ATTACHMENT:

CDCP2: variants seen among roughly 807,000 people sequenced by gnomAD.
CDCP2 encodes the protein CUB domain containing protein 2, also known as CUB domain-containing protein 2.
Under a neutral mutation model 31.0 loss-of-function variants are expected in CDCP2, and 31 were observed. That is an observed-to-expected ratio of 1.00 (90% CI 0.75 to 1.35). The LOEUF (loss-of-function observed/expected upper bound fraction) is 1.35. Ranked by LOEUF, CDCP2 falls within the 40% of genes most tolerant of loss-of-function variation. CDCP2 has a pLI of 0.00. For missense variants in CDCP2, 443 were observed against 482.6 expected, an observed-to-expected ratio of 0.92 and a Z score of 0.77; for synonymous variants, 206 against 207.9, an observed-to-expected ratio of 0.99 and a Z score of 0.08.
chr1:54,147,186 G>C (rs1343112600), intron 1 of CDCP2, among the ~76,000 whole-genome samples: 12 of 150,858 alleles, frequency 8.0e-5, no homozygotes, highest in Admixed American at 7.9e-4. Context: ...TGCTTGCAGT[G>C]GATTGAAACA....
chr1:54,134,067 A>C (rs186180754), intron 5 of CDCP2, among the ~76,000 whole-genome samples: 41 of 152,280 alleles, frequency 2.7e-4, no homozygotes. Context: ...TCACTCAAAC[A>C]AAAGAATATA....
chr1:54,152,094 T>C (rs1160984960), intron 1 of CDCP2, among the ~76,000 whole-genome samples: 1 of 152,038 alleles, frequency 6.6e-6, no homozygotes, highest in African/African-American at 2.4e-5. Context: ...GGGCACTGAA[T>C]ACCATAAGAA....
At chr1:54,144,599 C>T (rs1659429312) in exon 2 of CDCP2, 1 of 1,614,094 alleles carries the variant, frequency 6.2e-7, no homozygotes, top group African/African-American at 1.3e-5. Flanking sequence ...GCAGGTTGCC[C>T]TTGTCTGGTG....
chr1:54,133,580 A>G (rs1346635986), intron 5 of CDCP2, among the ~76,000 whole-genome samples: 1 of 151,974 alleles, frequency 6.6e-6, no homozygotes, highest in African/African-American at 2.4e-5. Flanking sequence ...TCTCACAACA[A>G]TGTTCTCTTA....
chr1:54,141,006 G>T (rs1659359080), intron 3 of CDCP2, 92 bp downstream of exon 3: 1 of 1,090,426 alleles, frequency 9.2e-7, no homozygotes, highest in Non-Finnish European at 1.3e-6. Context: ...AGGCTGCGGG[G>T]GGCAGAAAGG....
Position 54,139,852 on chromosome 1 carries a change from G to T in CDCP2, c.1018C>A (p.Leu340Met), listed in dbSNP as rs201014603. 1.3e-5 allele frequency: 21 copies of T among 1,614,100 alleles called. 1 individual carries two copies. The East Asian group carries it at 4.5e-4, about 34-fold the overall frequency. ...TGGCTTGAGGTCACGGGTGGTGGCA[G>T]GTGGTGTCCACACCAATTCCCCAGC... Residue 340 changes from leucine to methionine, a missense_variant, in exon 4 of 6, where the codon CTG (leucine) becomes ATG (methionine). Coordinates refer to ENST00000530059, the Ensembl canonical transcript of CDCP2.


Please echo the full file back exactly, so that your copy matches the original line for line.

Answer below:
CDCP2: variants seen among roughly 807,000 people sequenced by gnomAD.
CDCP2 encodes the protein CUB domain containing protein 2, also known as CUB domain-containing protein 2.
Under a neutral mutation model 31.0 loss-of-function variants are expected in CDCP2, and 31 were observed. That is an observed-to-expected ratio of 1.00 (90% CI 0.75 to 1.35). The LOEUF (loss-of-function observed/expected upper bound fraction) is 1.35. Ranked by LOEUF, CDCP2 falls within the 40% of genes most tolerant of loss-of-function variation. CDCP2 has a pLI of 0.00. For missense variants in CDCP2, 443 were observed against 482.6 expected, an observed-to-expected ratio of 0.92 and a Z score of 0.77; for synonymous variants, 206 against 207.9, an observed-to-expected ratio of 0.99 and a Z score of 0.08.
chr1:54,147,186 G>C (rs1343112600), intron 1 of CDCP2, among the ~76,000 whole-genome samples: 12 of 150,858 alleles, frequency 8.0e-5, no homozygotes, highest in Admixed American at 7.9e-4. Context: ...TGCTTGCAGT[G>C]GATTGAAACA....
chr1:54,134,067 A>C (rs186180754), intron 5 of CDCP2, among the ~76,000 whole-genome samples: 41 of 152,280 alleles, frequency 2.7e-4, no homozygotes. Context: ...TCACTCAAAC[A>C]AAAGAATATA....
chr1:54,152,094 T>C (rs1160984960), intron 1 of CDCP2, among the ~76,000 whole-genome samples: 1 of 152,038 alleles, frequency 6.6e-6, no homozygotes, highest in African/African-American at 2.4e-5. Context: ...GGGCACTGAA[T>C]ACCATAAGAA....
At chr1:54,144,599 C>T (rs1659429312) in exon 2 of CDCP2, 1 of 1,614,094 alleles carries the variant, frequency 6.2e-7, no homozygotes, top group African/African-American at 1.3e-5. Flanking sequence ...GCAGGTTGCC[C>T]TTGTCTGGTG....
chr1:54,133,580 A>G (rs1346635986), intron 5 of CDCP2, among the ~76,000 whole-genome samples: 1 of 151,974 alleles, frequency 6.6e-6, no homozygotes, highest in African/African-American at 2.4e-5. Flanking sequence ...TCTCACAACA[A>G]TGTTCTCTTA....
chr1:54,141,006 G>T (rs1659359080), intron 3 of CDCP2, 92 bp downstream of exon 3: 1 of 1,090,426 alleles, frequency 9.2e-7, no homozygotes, highest in Non-Finnish European at 1.3e-6. Context: ...AGGCTGCGGG[G>T]GGCAGAAAGG....
Position 54,139,852 on chromosome 1 carries a change from G to T in CDCP2, c.1018C>A (p.Leu340Met), listed in dbSNP as rs201014603. 1.3e-5 allele frequency: 21 copies of T among 1,614,100 alleles called. 1 individual carries two copies. The East Asian group carries it at 4.5e-4, about 34-fold the overall frequency. ...TGGCTTGAGGTCACGGGTGGTGGCA[G>T]GTGGTGTCCACACCAATTCCCCAGC... Residue 340 changes from leucine to methionine, a missense_variant, in exon 4 of 6, where the codon CTG (leucine) becomes ATG (methionine). Coordinates refer to ENST00000530059, the Ensembl canonical transcript of CDCP2.